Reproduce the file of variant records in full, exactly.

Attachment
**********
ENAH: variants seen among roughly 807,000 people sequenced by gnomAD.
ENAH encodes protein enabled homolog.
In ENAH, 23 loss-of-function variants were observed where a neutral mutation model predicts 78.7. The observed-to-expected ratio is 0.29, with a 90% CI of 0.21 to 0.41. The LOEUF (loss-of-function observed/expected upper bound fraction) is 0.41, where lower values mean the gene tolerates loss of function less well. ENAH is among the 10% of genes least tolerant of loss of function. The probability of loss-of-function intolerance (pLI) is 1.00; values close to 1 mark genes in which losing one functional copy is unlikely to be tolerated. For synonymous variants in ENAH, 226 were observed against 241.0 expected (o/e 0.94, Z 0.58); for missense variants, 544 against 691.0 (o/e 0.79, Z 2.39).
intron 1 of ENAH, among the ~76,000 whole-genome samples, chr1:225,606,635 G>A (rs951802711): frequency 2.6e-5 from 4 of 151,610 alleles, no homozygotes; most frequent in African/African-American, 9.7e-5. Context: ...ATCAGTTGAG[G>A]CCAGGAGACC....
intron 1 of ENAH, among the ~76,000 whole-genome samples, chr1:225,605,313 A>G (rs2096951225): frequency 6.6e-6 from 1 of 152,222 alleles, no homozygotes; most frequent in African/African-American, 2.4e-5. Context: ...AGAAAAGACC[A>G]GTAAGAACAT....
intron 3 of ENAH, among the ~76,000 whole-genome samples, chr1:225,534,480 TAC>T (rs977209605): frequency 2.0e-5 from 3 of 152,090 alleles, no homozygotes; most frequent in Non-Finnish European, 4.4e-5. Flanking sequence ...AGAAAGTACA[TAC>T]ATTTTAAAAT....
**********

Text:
ENAH: variants seen among roughly 807,000 people sequenced by gnomAD.
ENAH encodes protein enabled homolog.
In ENAH, 23 loss-of-function variants were observed where a neutral mutation model predicts 78.7. The observed-to-expected ratio is 0.29, with a 90% CI of 0.21 to 0.41. The LOEUF (loss-of-function observed/expected upper bound fraction) is 0.41, where lower values mean the gene tolerates loss of function less well. ENAH is among the 10% of genes least tolerant of loss of function. The probability of loss-of-function intolerance (pLI) is 1.00; values close to 1 mark genes in which losing one functional copy is unlikely to be tolerated. For synonymous variants in ENAH, 226 were observed against 241.0 expected (o/e 0.94, Z 0.58); for missense variants, 544 against 691.0 (o/e 0.79, Z 2.39).
intron 1 of ENAH, among the ~76,000 whole-genome samples, chr1:225,606,635 G>A (rs951802711): frequency 2.6e-5 from 4 of 151,610 alleles, no homozygotes; most frequent in African/African-American, 9.7e-5. Context: ...ATCAGTTGAG[G>A]CCAGGAGACC....
intron 1 of ENAH, among the ~76,000 whole-genome samples, chr1:225,605,313 A>G (rs2096951225): frequency 6.6e-6 from 1 of 152,222 alleles, no homozygotes; most frequent in African/African-American, 2.4e-5. Context: ...AGAAAAGACC[A>G]GTAAGAACAT....
intron 3 of ENAH, among the ~76,000 whole-genome samples, chr1:225,534,480 TAC>T (rs977209605): frequency 2.0e-5 from 3 of 152,090 alleles, no homozygotes; most frequent in Non-Finnish European, 4.4e-5. Flanking sequence ...AGAAAGTACA[TAC>T]ATTTTAAAAT....